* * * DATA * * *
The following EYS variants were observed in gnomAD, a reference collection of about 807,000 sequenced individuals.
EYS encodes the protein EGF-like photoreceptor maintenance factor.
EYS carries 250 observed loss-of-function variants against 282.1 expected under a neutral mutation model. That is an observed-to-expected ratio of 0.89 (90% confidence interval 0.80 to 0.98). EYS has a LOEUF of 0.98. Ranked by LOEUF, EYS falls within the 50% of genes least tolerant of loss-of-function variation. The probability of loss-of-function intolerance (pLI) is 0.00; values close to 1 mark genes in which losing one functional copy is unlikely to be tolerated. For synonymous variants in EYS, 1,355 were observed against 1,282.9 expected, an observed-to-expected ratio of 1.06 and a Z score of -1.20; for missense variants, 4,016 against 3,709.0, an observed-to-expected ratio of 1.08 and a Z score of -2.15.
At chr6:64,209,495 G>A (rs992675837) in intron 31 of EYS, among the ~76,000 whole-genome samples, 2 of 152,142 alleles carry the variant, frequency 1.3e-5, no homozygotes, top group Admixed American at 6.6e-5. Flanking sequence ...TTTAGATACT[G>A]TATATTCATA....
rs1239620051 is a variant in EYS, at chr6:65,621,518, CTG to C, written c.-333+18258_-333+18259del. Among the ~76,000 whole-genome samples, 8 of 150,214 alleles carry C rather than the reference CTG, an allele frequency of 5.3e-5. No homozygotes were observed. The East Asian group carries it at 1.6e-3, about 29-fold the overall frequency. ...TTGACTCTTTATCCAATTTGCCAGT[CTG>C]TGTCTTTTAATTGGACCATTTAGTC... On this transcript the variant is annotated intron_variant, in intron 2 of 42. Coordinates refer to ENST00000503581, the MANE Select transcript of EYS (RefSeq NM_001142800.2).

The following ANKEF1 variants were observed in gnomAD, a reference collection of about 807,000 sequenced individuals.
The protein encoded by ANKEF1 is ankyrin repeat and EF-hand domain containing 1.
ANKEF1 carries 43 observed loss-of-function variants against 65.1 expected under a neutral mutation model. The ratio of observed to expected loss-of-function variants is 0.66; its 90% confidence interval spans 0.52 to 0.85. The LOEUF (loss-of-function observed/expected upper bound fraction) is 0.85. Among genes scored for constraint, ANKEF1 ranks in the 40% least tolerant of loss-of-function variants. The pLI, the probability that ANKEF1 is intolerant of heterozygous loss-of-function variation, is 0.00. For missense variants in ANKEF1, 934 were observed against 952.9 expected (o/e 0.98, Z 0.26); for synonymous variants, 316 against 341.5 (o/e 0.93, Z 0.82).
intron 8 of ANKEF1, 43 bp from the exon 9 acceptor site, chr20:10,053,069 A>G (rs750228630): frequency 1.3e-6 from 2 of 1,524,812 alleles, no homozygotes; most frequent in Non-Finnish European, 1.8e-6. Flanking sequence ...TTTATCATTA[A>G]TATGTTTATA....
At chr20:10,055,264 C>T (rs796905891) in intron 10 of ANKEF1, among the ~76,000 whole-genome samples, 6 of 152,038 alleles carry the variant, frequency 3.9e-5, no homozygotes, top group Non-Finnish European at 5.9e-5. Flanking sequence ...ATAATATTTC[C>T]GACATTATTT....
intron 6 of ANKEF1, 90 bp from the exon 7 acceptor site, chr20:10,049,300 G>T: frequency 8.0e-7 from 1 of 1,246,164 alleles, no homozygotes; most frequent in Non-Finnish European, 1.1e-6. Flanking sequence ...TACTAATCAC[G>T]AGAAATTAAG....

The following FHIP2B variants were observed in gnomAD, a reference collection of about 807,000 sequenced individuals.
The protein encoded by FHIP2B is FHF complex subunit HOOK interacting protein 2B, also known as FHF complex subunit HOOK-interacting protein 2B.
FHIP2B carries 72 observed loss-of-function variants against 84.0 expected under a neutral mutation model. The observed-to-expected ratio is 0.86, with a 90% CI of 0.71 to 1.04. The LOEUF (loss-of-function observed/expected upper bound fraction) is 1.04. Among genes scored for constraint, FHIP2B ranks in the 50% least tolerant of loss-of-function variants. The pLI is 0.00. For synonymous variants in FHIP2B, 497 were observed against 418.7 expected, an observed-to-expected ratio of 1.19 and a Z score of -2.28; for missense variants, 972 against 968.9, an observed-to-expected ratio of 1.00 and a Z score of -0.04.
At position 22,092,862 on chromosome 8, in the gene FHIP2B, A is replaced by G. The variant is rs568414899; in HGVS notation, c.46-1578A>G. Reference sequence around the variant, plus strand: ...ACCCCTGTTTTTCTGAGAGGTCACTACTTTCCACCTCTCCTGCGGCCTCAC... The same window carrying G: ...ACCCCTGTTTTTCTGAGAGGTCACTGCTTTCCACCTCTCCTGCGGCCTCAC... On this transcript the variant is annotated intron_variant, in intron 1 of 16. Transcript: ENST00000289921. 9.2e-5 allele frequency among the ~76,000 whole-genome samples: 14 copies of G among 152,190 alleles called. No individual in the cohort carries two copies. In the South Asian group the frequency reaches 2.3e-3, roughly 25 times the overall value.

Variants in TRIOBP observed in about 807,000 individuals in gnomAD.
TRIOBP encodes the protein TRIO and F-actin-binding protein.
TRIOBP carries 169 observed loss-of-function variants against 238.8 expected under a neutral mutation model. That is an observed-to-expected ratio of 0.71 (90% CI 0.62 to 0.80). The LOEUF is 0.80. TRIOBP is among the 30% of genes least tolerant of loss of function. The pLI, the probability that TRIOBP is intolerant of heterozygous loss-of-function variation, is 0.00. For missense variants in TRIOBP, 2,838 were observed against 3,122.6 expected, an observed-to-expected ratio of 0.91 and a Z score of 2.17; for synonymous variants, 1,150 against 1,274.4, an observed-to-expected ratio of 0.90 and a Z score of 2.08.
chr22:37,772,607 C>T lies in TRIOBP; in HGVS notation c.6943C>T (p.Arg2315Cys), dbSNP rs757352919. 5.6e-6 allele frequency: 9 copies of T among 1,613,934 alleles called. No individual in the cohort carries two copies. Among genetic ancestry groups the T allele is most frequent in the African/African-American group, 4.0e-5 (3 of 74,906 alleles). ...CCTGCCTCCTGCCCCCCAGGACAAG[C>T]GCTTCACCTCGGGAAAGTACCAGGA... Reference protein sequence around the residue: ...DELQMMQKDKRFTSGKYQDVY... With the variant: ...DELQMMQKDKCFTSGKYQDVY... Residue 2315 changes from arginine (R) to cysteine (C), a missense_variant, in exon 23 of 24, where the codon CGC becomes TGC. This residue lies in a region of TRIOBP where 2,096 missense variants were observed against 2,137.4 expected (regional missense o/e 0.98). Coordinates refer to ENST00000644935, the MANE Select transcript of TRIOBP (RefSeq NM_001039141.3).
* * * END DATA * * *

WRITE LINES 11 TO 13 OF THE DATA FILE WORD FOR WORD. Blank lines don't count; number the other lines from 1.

intron 6 of ANKEF1, 90 bp from the exon 7 acceptor site, chr20:10,049,300 G>T: frequency 8.0e-7 from 1 of 1,246,164 alleles, no homozygotes; most frequent in Non-Finnish European, 1.1e-6. Flanking sequence ...TACTAATCAC[G>T]AGAAATTAAG....

The following FHIP2B variants were observed in gnomAD, a reference collection of about 807,000 sequenced individuals.
The protein encoded by FHIP2B is FHF complex subunit HOOK interacting protein 2B, also known as FHF complex subunit HOOK-interacting protein 2B.